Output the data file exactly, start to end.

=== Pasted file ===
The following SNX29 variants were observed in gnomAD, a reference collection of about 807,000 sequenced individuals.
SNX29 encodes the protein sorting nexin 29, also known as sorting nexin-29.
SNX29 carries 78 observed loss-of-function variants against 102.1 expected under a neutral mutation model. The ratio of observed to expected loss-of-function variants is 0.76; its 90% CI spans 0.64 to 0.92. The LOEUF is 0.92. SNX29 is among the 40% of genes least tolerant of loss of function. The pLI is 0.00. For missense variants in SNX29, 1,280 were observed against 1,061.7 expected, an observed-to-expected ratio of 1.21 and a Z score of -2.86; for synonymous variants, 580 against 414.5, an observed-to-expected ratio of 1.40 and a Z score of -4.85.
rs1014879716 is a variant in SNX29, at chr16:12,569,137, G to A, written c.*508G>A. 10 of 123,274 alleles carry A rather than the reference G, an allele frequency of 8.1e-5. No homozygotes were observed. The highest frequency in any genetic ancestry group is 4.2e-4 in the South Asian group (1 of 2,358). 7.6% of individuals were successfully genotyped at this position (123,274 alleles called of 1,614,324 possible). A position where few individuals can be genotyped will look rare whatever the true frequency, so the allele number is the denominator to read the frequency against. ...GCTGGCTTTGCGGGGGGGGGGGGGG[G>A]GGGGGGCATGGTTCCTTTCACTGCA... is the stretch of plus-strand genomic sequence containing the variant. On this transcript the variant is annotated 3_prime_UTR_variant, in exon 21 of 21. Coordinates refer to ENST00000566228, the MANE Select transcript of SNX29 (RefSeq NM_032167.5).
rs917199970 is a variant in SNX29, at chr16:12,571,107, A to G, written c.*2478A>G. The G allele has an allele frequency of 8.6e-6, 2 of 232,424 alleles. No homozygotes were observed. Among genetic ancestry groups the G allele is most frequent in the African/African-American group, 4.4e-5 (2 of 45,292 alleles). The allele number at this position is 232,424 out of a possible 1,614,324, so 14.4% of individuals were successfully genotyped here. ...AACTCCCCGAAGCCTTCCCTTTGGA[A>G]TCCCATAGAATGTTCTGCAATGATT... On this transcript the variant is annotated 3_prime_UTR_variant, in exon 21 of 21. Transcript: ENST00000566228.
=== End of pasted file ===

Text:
The following SNX29 variants were observed in gnomAD, a reference collection of about 807,000 sequenced individuals.
SNX29 encodes the protein sorting nexin 29, also known as sorting nexin-29.
SNX29 carries 78 observed loss-of-function variants against 102.1 expected under a neutral mutation model. The ratio of observed to expected loss-of-function variants is 0.76; its 90% CI spans 0.64 to 0.92. The LOEUF is 0.92. SNX29 is among the 40% of genes least tolerant of loss of function. The pLI is 0.00. For missense variants in SNX29, 1,280 were observed against 1,061.7 expected, an observed-to-expected ratio of 1.21 and a Z score of -2.86; for synonymous variants, 580 against 414.5, an observed-to-expected ratio of 1.40 and a Z score of -4.85.
rs1014879716 is a variant in SNX29, at chr16:12,569,137, G to A, written c.*508G>A. 10 of 123,274 alleles carry A rather than the reference G, an allele frequency of 8.1e-5. No homozygotes were observed. The highest frequency in any genetic ancestry group is 4.2e-4 in the South Asian group (1 of 2,358). 7.6% of individuals were successfully genotyped at this position (123,274 alleles called of 1,614,324 possible). A position where few individuals can be genotyped will look rare whatever the true frequency, so the allele number is the denominator to read the frequency against. ...GCTGGCTTTGCGGGGGGGGGGGGGG[G>A]GGGGGGCATGGTTCCTTTCACTGCA... is the stretch of plus-strand genomic sequence containing the variant. On this transcript the variant is annotated 3_prime_UTR_variant, in exon 21 of 21. Coordinates refer to ENST00000566228, the MANE Select transcript of SNX29 (RefSeq NM_032167.5).
rs917199970 is a variant in SNX29, at chr16:12,571,107, A to G, written c.*2478A>G. The G allele has an allele frequency of 8.6e-6, 2 of 232,424 alleles. No homozygotes were observed. Among genetic ancestry groups the G allele is most frequent in the African/African-American group, 4.4e-5 (2 of 45,292 alleles). The allele number at this position is 232,424 out of a possible 1,614,324, so 14.4% of individuals were successfully genotyped here. ...AACTCCCCGAAGCCTTCCCTTTGGA[A>G]TCCCATAGAATGTTCTGCAATGATT... On this transcript the variant is annotated 3_prime_UTR_variant, in exon 21 of 21. Transcript: ENST00000566228.